OpenGov sits in on Dell EMC’s ‘Unstructured Data Briefing’. Their global and regional CTOs share how they are dealing with massive volumes of unstructured data, as well as some of the latest technologies in the market.
Dell EMC’s Chief Technology Officers (CTOs) share what the major trends and projects are for unstructured data. Spending a couple of hours with them, you begin to realise it is a beautiful mess.
Since the popular rise of the term ‘Big Data’, companies across all industries and governments all over the world have been working to leverage on the insights which the data can provide. Singapore’s Smart Nation smart lamp post project is exemplary. Using the artificial intelligence backed video and weather analytics, the node is able to generate predictive actionable insights for governance. Likewise, in supply chain, data for blockchain can lower operational costs and boost efficiency.
The CTOs share what are some of the up and coming developments in the technology and the exciting use cases they are working on.
Going Beyond Buzzwords
Not too long ago, data was analysed in a linear fashion. There was a discernible lag between when the data was collected and when the data was churned for insights. These days, explosive volumes of data can be analysed real-time.
The diversity of data collected increases the value of a company. Ben Goodman, Vice President of APJ, Dell EMC, underscored the diversity of data as the biggest opportunity for any organisation; public or private.
From just one set of diverse data, an organisation is able to derive multiple outcomes. The more diverse the data, the higher the company’s valuation. Data is a lucrative digital asset which drives innovation and transformation within organisations.
Secondly, the disruptive economy has kindled a newfound collaborative spirit. Once an industry taboo, the new mindset is one of survival for the entire industry. By sharing of intellectual properties, collaboration can raise overall industry standards. Experts emphasise both the need for cross pollination between organisations and also deeper integration of services within the industry.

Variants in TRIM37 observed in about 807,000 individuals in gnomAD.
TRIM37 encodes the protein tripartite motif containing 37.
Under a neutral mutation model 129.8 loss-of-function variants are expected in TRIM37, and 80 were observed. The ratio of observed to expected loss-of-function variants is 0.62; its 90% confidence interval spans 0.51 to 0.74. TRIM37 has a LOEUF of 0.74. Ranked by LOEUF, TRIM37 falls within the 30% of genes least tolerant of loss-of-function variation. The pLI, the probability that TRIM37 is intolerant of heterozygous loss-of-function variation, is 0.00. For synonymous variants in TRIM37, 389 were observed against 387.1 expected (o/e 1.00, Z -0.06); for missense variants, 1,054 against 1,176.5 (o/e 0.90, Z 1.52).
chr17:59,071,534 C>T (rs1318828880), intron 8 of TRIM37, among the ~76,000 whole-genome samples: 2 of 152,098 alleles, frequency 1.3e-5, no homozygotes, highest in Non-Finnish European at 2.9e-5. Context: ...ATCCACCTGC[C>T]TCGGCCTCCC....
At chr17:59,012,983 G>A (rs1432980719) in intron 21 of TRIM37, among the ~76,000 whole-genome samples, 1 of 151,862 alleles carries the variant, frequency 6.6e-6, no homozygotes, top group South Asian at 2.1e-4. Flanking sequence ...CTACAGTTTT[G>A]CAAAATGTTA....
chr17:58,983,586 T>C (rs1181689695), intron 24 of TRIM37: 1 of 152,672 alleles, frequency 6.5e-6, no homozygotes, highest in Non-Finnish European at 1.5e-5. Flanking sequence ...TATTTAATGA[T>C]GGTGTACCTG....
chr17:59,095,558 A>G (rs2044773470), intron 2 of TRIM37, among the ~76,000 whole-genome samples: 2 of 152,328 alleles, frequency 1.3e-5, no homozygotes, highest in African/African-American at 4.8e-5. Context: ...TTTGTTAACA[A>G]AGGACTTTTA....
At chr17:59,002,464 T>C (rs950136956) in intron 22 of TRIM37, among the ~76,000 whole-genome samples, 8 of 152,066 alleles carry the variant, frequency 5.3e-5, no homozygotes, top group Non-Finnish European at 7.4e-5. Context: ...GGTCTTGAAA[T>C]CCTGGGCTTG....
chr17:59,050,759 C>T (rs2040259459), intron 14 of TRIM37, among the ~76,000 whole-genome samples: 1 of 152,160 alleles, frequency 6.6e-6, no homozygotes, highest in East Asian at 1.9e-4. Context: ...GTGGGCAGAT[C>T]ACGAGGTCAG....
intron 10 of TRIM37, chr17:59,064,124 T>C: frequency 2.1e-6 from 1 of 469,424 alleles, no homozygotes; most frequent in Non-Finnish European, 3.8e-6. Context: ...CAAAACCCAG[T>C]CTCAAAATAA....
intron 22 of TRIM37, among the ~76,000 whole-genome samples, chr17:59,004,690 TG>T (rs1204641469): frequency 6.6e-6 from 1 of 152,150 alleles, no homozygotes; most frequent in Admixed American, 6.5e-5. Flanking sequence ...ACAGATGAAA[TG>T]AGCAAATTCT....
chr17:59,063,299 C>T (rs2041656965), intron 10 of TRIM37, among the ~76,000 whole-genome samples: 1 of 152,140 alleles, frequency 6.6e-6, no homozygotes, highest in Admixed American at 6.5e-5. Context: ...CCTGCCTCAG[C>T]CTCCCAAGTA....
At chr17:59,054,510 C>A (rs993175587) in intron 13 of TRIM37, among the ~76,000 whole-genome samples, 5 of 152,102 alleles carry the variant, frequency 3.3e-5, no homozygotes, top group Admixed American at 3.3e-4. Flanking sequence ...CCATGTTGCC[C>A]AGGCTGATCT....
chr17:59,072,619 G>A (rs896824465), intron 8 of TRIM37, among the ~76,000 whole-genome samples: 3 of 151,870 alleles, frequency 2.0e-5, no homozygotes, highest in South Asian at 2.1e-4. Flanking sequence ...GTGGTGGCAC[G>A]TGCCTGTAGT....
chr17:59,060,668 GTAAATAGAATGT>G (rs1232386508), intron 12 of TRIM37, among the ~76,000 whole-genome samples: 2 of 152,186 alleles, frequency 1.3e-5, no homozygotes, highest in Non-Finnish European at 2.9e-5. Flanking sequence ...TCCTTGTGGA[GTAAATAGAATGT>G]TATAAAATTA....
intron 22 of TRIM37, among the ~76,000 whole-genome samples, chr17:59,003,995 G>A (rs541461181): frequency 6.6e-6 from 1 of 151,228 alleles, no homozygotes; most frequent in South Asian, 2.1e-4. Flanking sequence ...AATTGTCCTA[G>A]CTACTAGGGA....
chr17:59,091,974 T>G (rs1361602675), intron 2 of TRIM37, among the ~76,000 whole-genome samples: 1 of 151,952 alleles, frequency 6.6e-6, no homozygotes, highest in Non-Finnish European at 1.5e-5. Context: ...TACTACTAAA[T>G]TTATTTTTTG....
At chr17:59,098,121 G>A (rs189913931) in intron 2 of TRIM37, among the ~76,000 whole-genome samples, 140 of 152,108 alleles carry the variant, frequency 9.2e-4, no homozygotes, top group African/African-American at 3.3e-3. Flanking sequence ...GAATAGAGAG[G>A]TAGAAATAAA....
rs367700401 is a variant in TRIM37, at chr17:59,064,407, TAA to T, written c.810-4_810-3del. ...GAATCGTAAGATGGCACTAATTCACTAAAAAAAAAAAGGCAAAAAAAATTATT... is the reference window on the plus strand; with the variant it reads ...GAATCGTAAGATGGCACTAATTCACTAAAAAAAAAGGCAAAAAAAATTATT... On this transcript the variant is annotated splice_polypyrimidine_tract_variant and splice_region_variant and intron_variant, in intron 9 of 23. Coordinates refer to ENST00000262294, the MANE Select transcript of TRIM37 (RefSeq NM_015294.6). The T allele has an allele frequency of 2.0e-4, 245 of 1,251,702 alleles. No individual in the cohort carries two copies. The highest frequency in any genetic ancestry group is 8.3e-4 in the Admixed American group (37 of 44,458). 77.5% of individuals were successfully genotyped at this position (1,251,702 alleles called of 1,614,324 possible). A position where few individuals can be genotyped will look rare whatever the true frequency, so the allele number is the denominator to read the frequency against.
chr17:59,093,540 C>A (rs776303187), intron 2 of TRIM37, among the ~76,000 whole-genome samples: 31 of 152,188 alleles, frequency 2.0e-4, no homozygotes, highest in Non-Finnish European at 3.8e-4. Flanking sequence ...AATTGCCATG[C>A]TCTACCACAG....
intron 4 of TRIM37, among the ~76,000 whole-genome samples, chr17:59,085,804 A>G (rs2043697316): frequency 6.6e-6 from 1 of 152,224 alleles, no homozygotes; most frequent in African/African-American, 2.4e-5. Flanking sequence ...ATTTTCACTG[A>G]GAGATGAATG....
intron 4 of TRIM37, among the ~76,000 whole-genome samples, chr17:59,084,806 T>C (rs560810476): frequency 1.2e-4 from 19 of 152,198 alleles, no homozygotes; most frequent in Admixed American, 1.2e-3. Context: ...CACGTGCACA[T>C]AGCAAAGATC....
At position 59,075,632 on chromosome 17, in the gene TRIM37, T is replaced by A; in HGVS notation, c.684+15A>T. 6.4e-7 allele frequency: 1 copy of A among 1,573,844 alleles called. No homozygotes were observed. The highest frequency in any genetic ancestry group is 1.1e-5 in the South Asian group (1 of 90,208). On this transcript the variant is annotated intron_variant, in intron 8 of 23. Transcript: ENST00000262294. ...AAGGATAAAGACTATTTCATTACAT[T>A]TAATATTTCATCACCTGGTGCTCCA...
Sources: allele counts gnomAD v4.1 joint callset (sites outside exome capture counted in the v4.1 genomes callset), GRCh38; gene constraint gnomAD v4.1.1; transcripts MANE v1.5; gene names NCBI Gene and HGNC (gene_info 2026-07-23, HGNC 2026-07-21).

On a separate note, cyber threats permeating the internet also underscore the undesirability of isolation. Time over again, many malicious attacks have been deterred thanks to the sharing of industry knowledge.
Furthermore, current developers no longer aimlessly fiddle with the data they have access to. Data’s significance and meaning has been raised. In the past, data scientists might have had no intent behind their work. Goodman suggests that it is like finding a diamond where there be none.
These days, there is a more focused approach to how to use the data. Beginning with the customer or end-user in mind, the big data is channelled to creating IoT infrastructure. Consequently, to help customers have the best experience of IoT, new frontiers in machine learning or deep learning are being explored to plug gaps in the system.
Links between the chain reinforce the impetus for organisations to constantly innovate and be on the forefront of the digital revolution.
Industries which are seeing incredible growth thanks to the big data analytics are life sciences, automotive, financial services, media and entertainment and government.
Prophesying any new technology might be too bold a move to make. Instead, the CTOs did believe that there would be greater evolution in the existing technologies.
Blockchain in particular will see huge improvements in the way it functions to deliver services. Over the next two years or so, the technology will overcome performance bottlenecks. Anxiously gripping your mobile device wondering if the bitcoin has transacted will be assuaged. The tech community is working to make blockchain faster and smarter in how transactions occur, raising its usability for a whole range of organisations and use cases.
Swat the Opportunities
Despite the massive opportunities for many sectors, some structural problems remain. The biggest hurdle is talent. Secondly, many organisations are still in the dark about how to use the data they have collected in the best and most cost-effective manner.
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